An Italian organ grinder with an adorable little monkey visited Henderson when I was very, very young. He always came to our corner and played and out we would go, down the steps, to put nickels in the little monkey's cup. My grandfather [Drewry Lovelace PARKER] bought me a stuffed toy monkey with a red cap and jacket trimmed in gold braid.

The baseball league was community sponsored. Weekly games were played each summer season on Carter's Field, the land back of Mr. Richard CARTER's paint and wallpaper store. There was a big grandstand, peanuts, popcorn and everything! And how Henderson girls fell for those handsome out-of-town ball players in their grey uniforms.

The Chautauqua was the biggest event of the summer. By way of explanation to this generation, the Chautauqua was a group of lyceum artists sent out from Chautauqua, N.Y. Lake Chautauqua was a summer haven for artists and musicians, a cultural center and the location of a school of music. Small towns were given a whole week of the finest cultural entertainment available. The programs were given under a big canvas tent in Lassiter's Field, now Harrison Avenue. There were concerts, lectures, plays and light opera. Two ladies always came with the Chautauqua and organized the children of the community. The late Mr. Reid HARRIS was one of the mayors of Junior Town. Meetings were held every morning, and on Saturday afternoon a patriotic play with songs and folk dancing was given by the children. The Chautauqua was was patronized by people in all walks of life.

At school none of our grade teachers were singers or dancers or artists, but we had music and art at Central School. We had singing in our rooms every day and the primary children were taught singing games, a part of our native folk music. There were weekly drawing lessons with a textbook as a guide and a lesson in art appreciation every month. Each child received a miniature reproduction in color of the painting studied. I have never forgotten The Angelus, The Gleaners, and Madonna of the Chair (my favorite).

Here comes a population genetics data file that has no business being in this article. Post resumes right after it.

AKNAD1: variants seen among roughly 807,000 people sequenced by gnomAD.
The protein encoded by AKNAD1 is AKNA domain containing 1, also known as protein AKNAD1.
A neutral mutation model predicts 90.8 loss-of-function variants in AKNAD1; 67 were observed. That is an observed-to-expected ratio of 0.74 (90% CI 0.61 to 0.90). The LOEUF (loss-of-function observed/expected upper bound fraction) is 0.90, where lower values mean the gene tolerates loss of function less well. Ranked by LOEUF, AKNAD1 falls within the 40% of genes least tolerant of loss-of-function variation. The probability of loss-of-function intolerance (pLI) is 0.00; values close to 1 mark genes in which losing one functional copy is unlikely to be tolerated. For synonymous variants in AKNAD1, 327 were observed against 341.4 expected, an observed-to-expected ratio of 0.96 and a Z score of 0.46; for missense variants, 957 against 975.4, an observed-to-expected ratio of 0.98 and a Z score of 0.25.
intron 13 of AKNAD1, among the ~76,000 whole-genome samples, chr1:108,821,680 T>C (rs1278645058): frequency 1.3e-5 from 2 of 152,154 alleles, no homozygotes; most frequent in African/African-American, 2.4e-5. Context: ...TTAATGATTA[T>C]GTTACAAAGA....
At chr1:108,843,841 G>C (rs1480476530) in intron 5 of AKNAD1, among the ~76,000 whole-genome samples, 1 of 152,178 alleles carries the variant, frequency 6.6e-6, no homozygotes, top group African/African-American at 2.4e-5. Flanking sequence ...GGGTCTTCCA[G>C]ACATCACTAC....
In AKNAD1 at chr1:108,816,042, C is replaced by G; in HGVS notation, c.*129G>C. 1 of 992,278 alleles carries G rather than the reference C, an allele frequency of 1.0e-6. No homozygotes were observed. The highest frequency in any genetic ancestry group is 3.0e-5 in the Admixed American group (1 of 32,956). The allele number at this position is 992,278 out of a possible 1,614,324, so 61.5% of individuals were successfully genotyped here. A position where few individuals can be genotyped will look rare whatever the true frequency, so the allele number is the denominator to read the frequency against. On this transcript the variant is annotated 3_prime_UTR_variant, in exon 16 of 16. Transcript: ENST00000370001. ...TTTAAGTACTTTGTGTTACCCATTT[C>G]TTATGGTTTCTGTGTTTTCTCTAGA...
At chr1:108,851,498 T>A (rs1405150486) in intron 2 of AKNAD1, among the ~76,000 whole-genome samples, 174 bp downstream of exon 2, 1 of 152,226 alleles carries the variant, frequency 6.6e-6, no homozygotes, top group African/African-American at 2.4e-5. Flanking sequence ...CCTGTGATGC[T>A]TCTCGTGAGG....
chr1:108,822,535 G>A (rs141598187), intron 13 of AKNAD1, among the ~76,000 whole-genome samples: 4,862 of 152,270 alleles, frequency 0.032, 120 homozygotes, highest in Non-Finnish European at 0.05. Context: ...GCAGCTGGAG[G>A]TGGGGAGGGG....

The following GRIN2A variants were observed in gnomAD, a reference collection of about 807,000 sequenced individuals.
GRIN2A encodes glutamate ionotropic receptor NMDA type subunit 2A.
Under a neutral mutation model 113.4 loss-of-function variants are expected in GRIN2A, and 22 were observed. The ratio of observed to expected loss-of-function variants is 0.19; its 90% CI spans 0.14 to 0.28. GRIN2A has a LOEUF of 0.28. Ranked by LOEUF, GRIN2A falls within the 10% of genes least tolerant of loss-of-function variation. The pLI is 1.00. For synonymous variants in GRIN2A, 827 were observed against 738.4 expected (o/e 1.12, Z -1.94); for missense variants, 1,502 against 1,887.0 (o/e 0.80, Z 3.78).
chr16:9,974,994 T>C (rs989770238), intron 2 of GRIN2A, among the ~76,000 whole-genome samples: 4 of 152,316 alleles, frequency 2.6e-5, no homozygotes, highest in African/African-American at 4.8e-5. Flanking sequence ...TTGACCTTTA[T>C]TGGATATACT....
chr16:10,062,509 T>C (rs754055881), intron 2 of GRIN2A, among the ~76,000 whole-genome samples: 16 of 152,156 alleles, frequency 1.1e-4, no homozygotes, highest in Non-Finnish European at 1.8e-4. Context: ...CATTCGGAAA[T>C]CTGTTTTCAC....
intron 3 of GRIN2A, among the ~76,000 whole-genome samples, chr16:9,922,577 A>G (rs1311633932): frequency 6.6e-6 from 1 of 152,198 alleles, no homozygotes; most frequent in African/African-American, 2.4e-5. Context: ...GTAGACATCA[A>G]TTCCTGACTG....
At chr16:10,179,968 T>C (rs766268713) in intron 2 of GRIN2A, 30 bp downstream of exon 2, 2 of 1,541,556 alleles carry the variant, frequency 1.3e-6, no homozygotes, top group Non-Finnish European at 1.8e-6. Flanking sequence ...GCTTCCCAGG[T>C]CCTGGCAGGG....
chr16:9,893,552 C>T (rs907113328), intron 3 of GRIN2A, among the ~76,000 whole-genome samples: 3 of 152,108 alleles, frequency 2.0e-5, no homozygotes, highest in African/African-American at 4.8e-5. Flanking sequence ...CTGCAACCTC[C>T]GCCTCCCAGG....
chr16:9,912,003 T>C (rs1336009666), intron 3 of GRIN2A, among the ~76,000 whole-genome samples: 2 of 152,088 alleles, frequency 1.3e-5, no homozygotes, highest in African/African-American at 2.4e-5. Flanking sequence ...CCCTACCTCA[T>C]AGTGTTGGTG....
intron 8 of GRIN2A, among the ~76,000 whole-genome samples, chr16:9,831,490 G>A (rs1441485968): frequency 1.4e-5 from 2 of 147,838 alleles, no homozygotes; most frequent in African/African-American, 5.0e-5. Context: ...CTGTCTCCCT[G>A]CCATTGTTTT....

The visits of Col. Fred A. OLDS to Central School just have to be mentioned. He came quite often and enchanted the children with his tall tales of North Carolina History. And from the open windows of Central School auditorium wafted the strains of "Ho, for Carolina that's the land for me," and "Hurrah, hurrah, the Old North State forever," sung with childish gusto. Oh, how I longed to grow up to be one of those beautiful "bright-eyed daughters" of North Carolina where "none can fairer be," or so the song said. A simple story and a song can evoke effervescent patriotism. (Mao knows this. Have we forgotten?)

So that is what we did for recreation in Henderson a long time ago when I was a little girl. I'm sorry you folks that weren't here then missed all these things. Nothing very exciting you say. No - just things that make learning and everyday living an adventure, that put exhilaration into achievement, ideals and creativity in the mind, and good will in the heart; and when they are gone leave pleasant memories to mellow the years.

Isn't that what we need today?

The world is so full of a number of things,
I'm sure we should all be as happy as kings.

(R.L. Stevenson)

--Article by Frances Parker Woodlief
daughter of Lottye [nee Parker] and E. Frank Woodlief
©B.H.Bolick